A popular photo app called Ever, which was ostensibly used for cloud storage of photos, has been using customer pictures to train facial recognition AI software, according to a report by CNBC.
The company, which was started in 2013, marketed itself as a “warm and fuzzy” photo app site that would help customers store photos and free up space on their phones.
What’s not clear to most people is what the photos are used for, unless they read the company’s terms of service, which NBC News says was even more vague before they started investigating it.
“This looks like an egregious violation of people’s privacy,” said Jacob Snow, a technology and civil liberties attorney at the American Civil Liberties Union in Northern California. “They are taking images of people’s families, photos from a private photo app, and using it to build surveillance technology. That’s hugely concerning.”
Ever encourages agencies like military and police institutions to use its “technology to provide your citizens and law enforcement personnel with the highest degree of protection from crime, violence and injustice.” The company touts its “ever-expanding private global dataset of 13 billion photos and videos.”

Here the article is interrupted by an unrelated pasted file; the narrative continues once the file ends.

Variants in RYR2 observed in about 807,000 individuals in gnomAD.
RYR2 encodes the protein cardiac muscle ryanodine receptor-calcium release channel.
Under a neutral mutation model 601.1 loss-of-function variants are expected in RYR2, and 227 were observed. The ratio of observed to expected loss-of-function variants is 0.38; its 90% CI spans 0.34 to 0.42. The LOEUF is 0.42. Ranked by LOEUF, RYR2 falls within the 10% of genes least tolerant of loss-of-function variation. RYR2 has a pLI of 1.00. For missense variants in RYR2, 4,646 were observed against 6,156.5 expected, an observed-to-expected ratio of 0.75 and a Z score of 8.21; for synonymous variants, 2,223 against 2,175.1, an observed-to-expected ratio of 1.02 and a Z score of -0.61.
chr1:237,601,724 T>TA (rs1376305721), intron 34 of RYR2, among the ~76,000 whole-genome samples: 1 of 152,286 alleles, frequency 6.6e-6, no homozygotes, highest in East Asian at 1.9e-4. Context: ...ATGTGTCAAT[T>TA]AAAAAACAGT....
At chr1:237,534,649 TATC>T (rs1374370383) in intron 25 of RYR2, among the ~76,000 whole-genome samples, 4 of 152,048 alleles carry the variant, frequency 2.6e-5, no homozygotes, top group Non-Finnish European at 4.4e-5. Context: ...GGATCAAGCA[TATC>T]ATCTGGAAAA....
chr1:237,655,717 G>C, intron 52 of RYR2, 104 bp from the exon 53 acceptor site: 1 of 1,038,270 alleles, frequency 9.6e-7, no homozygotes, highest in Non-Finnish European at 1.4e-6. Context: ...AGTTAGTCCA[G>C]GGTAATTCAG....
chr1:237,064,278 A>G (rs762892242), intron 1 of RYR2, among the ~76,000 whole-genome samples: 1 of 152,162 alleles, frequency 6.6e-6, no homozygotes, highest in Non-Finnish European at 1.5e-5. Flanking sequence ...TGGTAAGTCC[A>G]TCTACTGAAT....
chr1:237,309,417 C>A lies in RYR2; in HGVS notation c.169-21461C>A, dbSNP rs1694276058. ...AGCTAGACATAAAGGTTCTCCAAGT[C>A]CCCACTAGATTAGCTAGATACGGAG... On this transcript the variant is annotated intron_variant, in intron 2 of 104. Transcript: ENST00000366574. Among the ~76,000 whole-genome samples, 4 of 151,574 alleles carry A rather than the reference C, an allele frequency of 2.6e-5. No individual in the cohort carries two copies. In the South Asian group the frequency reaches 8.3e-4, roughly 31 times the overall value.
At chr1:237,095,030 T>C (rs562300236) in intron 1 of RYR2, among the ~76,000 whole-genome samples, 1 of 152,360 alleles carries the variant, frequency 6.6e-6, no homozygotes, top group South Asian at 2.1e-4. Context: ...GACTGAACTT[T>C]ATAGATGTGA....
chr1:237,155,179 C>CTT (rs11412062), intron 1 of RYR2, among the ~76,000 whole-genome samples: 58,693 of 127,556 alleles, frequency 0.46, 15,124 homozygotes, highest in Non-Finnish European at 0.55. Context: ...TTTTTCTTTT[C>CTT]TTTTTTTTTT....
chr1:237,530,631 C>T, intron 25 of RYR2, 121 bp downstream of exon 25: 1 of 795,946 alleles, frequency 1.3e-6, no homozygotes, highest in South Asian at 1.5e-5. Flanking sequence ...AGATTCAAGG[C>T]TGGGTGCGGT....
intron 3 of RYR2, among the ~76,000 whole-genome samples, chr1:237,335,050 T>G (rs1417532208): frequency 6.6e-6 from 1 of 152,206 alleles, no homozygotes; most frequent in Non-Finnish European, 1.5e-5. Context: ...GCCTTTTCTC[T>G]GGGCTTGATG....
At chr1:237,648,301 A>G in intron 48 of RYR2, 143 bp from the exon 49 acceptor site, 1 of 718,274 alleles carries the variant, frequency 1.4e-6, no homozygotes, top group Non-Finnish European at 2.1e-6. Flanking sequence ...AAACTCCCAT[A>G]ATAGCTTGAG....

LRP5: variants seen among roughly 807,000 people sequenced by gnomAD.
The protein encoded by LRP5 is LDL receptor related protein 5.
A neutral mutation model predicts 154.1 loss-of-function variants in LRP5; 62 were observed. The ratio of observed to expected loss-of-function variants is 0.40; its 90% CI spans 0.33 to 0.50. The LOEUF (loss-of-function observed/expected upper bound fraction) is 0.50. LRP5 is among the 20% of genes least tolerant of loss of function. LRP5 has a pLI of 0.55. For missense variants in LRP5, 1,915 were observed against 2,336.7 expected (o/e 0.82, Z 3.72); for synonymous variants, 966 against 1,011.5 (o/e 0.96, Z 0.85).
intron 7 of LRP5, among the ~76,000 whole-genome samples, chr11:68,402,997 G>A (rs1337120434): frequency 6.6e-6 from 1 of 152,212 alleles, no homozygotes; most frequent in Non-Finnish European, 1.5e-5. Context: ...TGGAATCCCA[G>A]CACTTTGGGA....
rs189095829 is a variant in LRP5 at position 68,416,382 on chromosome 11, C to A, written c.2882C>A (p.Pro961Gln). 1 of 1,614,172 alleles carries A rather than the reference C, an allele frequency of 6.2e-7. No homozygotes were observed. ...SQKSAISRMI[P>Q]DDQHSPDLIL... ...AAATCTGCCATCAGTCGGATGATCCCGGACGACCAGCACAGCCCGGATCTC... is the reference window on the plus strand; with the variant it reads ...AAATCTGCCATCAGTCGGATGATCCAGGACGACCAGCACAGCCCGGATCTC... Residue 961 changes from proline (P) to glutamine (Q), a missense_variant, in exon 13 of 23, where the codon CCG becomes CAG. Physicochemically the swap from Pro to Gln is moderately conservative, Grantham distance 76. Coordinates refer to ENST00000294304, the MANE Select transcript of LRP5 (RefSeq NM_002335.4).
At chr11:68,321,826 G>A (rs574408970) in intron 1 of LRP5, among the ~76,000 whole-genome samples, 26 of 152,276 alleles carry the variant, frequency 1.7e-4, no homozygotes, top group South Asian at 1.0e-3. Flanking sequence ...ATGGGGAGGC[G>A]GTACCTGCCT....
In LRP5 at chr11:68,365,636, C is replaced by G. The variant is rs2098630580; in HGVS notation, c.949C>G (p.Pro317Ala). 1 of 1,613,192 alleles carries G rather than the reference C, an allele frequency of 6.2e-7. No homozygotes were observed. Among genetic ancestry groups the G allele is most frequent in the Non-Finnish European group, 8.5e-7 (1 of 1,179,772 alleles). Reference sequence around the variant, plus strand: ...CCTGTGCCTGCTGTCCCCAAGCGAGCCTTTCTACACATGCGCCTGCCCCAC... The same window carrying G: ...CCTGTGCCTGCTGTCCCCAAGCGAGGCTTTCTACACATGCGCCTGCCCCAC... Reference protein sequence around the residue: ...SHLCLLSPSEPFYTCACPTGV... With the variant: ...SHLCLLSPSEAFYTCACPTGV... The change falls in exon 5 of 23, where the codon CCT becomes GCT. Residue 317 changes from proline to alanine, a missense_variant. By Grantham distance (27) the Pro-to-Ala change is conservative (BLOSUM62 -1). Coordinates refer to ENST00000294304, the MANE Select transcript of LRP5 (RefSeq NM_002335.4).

It also says it has “best-in-class face recognition technology.” According to Ever, the technology can “enhance surveillance capabilities” and “identify and act on threats.” It does not mention anything about its “best moments” snapshots, which it uses to build its customer base.
Some users were not aware their photos were being used to train an artificial intelligence program. “I was not aware of any facial recognition in the Ever app,” said Sarah Puchinsky-Roxey, a photographer. “Which is kind of creepy, since I have pictures of both my children on there, as well as friends who have never consented to this type of thing.”
The company previously said the facial recognition tech was intended to allow users to organize and share files. The only mention that it might be used for something else was: “Your files may be used to help improve and train our products and these technologies.”
The company added a line on April 15, after it was contacted by NBC News: “Some of these technologies may be used in our separate products and services for enterprise customers, including our enterprise face recognition offerings, but your files and personal information will not be.”